Happy smiling girl listening stories from book read by teacher at library. School children listening to fairy tale book in preschool read by woman at school. Portrait of young girl sitting besides boy looking at woman holding book.

15 Tips for Telling Bible Stories

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Bible stories can foster young children’s spiritual awareness, biblical knowledge and faith formation. Many years of telling Bible stories to 3-5 year olds, of researching and reflecting, has lead me to these understandings:

1. Bathe your Bible story preparation in prayer.

2. Be alert to the Holy Spirit at work in your thinking and in the children’s thinking. Give Him space to work on the children’s hearts and minds, throughout the story telling process. Listen, throughout your story telling, for the child who quietly comments during the story telling. Their comments often display profound biblical truths that are really the promptings of the Holy Spirit. Use their comments to deepen the meaning making.

Happy smiling girl listening stories from book read by teacher at library. School children listening to fairy tale book in preschool read by woman at school. Portrait of young girl sitting besides boy looking at woman holding book.3. Prepare the story keeping in mind these five lenses – hook, history, head, heart, hand. Weave each of these throughout your story telling:

  • Hook – what’s happening? Engage the children’s curiosity (using props and questioning) at key points throughout the story
  • History – what was it like in that time and place?
  • Head – what does the Bible say about this?
  • Heart – what does this story mean for me?
  • Hand – what would God want me to do? (Ludlow, 2018; ASA, 2016; Fisher 2010).

4. Use props and experiences based on all of the multiple intelligences as hooks, to capture the children’s interest and to scaffold their understanding. Often begin with a question that helps connect the characters’ circumstances with the children’s own experiences.

5. Avoid entertainment, touristy or cute delivery. They divert children’s attention from the main message of the story.

6. Talk with and not at children. Build understanding through scaffolding questions, many of which are open-ended questions. Dialogue, critique and wonder together, during and at the end of the story telling.

7. Use words that the children can understand; avoid religious jargon.

8. Throughout the storytelling, watch and listen for children’s body language; use it to progress the story.

9. PACE – make sure you remain alert to this – it needs to be reciprocal and responsive.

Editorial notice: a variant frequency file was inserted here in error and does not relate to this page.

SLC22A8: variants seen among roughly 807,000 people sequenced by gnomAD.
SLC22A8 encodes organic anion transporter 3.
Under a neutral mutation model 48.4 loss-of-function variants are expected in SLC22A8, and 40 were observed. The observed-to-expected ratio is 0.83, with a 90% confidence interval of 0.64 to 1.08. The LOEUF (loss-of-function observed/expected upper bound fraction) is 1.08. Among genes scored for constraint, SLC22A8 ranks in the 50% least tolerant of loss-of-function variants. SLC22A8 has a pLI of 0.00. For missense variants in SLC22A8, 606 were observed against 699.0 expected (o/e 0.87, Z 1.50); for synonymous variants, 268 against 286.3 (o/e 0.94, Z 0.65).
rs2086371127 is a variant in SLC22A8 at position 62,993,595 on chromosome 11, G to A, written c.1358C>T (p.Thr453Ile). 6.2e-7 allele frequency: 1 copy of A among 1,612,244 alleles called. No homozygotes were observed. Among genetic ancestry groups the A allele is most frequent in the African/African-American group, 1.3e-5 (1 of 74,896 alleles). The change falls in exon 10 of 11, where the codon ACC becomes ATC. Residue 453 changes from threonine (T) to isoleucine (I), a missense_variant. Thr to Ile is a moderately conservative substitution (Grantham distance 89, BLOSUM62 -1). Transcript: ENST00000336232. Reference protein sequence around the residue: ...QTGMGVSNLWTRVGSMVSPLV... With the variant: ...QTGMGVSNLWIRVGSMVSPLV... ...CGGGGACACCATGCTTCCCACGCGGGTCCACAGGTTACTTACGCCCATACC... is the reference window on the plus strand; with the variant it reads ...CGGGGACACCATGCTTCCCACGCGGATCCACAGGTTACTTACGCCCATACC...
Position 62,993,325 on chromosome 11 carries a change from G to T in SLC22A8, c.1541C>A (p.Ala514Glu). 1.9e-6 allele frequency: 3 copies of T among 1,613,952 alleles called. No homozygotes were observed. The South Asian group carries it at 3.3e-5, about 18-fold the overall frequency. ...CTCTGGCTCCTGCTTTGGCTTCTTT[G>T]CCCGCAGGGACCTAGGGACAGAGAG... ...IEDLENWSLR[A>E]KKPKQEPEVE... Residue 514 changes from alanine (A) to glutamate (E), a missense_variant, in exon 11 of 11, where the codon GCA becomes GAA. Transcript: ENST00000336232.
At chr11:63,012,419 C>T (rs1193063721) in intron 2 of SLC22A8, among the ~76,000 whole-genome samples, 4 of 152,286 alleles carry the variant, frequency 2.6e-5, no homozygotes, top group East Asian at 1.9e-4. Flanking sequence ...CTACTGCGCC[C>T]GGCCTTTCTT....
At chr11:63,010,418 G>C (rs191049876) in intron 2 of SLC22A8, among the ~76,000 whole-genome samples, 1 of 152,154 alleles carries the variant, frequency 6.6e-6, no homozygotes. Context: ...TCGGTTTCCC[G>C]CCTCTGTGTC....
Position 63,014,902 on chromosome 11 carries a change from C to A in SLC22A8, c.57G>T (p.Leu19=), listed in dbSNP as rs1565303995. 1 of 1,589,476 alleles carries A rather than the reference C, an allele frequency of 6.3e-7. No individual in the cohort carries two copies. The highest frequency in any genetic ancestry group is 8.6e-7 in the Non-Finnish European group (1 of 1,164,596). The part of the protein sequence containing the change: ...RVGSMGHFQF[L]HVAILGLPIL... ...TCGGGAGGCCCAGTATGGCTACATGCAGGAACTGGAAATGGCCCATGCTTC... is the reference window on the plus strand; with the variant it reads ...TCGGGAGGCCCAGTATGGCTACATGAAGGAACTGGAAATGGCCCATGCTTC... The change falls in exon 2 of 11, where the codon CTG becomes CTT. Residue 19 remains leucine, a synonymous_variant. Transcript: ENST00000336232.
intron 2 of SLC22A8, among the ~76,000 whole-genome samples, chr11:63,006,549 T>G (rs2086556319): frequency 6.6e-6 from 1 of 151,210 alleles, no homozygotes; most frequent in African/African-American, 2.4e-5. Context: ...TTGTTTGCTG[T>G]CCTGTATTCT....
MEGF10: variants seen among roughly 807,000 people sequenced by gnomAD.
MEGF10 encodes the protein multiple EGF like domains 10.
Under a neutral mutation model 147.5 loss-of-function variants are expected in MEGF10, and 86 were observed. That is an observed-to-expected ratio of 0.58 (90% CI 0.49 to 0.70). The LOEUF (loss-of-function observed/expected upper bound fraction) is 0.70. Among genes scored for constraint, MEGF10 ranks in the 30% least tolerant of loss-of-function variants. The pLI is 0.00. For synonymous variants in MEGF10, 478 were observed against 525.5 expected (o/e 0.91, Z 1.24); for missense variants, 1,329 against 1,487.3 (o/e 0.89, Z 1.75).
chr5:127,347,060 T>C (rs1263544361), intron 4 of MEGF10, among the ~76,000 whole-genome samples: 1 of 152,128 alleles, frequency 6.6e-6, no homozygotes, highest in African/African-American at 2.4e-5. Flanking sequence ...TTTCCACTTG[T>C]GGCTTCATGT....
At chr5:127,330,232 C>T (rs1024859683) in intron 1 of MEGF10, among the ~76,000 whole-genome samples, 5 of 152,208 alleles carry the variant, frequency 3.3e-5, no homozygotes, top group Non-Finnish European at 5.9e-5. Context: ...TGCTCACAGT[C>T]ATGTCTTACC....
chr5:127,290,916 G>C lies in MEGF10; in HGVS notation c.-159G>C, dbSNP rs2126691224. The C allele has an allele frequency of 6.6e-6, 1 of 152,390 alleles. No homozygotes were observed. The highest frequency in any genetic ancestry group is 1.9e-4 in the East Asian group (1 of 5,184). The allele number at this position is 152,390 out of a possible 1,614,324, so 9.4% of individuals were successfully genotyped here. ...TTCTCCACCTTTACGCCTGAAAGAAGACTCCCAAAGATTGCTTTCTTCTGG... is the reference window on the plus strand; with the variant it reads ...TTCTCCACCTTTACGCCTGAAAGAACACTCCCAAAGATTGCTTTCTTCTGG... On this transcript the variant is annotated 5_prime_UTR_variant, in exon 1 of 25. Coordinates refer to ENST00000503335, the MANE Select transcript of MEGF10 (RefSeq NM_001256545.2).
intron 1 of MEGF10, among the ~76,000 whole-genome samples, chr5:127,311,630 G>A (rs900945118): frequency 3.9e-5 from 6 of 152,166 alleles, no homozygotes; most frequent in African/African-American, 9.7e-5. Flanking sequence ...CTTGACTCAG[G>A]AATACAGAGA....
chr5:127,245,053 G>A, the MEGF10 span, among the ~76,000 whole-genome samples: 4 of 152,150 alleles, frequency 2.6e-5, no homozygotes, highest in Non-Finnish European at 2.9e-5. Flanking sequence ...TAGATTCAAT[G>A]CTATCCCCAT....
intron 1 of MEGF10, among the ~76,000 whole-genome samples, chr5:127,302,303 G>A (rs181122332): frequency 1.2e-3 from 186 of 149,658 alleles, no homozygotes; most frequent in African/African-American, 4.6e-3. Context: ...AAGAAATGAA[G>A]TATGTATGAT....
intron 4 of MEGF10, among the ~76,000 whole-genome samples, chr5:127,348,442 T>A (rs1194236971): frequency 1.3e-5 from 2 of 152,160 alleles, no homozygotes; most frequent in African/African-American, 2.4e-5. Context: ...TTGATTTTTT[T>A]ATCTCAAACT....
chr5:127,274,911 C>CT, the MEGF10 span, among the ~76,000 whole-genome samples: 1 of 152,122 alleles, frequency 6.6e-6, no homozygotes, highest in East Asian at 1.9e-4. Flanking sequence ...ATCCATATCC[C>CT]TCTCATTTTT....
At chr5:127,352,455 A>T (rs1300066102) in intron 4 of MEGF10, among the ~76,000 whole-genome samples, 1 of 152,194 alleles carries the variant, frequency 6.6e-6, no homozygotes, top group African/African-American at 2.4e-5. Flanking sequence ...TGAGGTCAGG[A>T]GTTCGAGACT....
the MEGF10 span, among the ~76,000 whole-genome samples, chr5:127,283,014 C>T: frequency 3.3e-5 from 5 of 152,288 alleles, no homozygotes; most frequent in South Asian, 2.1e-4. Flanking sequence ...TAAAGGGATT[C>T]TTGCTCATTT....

10. Build empathy for the characters’ feelings and situation throughout the story, connecting each with the children’s own life experience.

11. Focus on one important concept to enable the child to meet God/Jesus in the story. This will scaffold their faith formation and spiritual awareness.

12. Leave the children with a strong impression of This is how God & Jesus will work in my life. Tease this out further each time you re-visit this story with them, in whatever medium.

13. Follow story telling with opportunities for children to engage in small group or individual play with the story props or art materials. This fosters individual children’s meaning making, spiritual awareness and faith formation.

14. Find the story in a children’s Bible and read it with the children. Leave the Bible available for them to access and use to retell the story to themselves, in a quiet moment.

15. During small group or individual Godly play, be unobtrusively present to catch teachable moments, scaffold meaning making and record children’s thinking & actions. Use these documentations to inform follow up experiences or to suggest next steps in the on-going Bible curriculum. These documentations are also important to share with the child and their parents, as a celebration of their thinking and a provocation for deeper meaning making and on-going spiritual awareness and faith formation.

Approaching the Bible story telling process with these understandings in mind will scaffold each child’s emotional, sensory and cognitive response to the story. These responses support the child to meet God and Jesus in the story and invite the child to respond to the Godhead’s role in their life. What will you do differently the next time you tell a Bible story to 3-5yr olds?


Adventist Schools Australia. (2016). Adventist early childhood education and care: Communities of faith and learning. Early Encounters Bible Curriculum. Ringwood, VIC: Author.

Fisher, B. (2010) Developing a faith-based education: A teacher’s manual. Terrigal, NSW: David Barlow.

Ludlow, S. (2018). Deconstructing Bible story telling with 3-5 year olds. In Espinoza, B., Estep, J. & Morgenthaler, S. Story, formation & culture: From theory to practice in ministry with children. Eugene, OR: Pickwick.



Early Childhood Course Convenor, Avondale College of Higher Education and Senior lecturer Discipline of Education, Australia. During her career Sandra has been a lecturer, director, early childhood and infant (K-Yr2) teacher, and a sole charge, (K-Yr6) principal/teacher. In all of these roles, Sandra has maintained a passionate interest in nurturing young children’s spiritual awareness, faith formation and biblical knowledge.

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